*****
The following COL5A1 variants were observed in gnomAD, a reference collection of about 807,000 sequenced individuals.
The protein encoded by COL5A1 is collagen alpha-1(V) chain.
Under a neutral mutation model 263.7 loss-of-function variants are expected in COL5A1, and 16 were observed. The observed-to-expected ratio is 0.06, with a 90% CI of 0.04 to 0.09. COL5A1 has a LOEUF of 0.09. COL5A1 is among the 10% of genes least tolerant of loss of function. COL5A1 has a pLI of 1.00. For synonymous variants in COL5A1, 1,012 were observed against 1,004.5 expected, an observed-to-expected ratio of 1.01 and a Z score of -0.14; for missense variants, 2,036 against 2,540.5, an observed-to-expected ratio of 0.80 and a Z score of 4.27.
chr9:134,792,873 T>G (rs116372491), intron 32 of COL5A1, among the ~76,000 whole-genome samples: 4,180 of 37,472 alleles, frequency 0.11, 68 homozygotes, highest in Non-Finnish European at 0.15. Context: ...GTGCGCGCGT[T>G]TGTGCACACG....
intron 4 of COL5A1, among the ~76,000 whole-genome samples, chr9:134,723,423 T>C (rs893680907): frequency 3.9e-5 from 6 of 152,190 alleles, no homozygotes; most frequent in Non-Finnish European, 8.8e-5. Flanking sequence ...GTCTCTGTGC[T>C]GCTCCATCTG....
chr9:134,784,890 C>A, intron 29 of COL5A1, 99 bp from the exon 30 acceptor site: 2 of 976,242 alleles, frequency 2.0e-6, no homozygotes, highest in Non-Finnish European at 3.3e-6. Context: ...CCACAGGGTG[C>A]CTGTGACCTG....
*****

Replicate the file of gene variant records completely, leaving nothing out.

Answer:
The following COL5A1 variants were observed in gnomAD, a reference collection of about 807,000 sequenced individuals.
The protein encoded by COL5A1 is collagen alpha-1(V) chain.
Under a neutral mutation model 263.7 loss-of-function variants are expected in COL5A1, and 16 were observed. The observed-to-expected ratio is 0.06, with a 90% CI of 0.04 to 0.09. COL5A1 has a LOEUF of 0.09. COL5A1 is among the 10% of genes least tolerant of loss of function. COL5A1 has a pLI of 1.00. For synonymous variants in COL5A1, 1,012 were observed against 1,004.5 expected, an observed-to-expected ratio of 1.01 and a Z score of -0.14; for missense variants, 2,036 against 2,540.5, an observed-to-expected ratio of 0.80 and a Z score of 4.27.
chr9:134,792,873 T>G (rs116372491), intron 32 of COL5A1, among the ~76,000 whole-genome samples: 4,180 of 37,472 alleles, frequency 0.11, 68 homozygotes, highest in Non-Finnish European at 0.15. Context: ...GTGCGCGCGT[T>G]TGTGCACACG....
intron 4 of COL5A1, among the ~76,000 whole-genome samples, chr9:134,723,423 T>C (rs893680907): frequency 3.9e-5 from 6 of 152,190 alleles, no homozygotes; most frequent in Non-Finnish European, 8.8e-5. Flanking sequence ...GTCTCTGTGC[T>C]GCTCCATCTG....
chr9:134,784,890 C>A, intron 29 of COL5A1, 99 bp from the exon 30 acceptor site: 2 of 976,242 alleles, frequency 2.0e-6, no homozygotes, highest in Non-Finnish European at 3.3e-6. Context: ...CCACAGGGTG[C>A]CTGTGACCTG....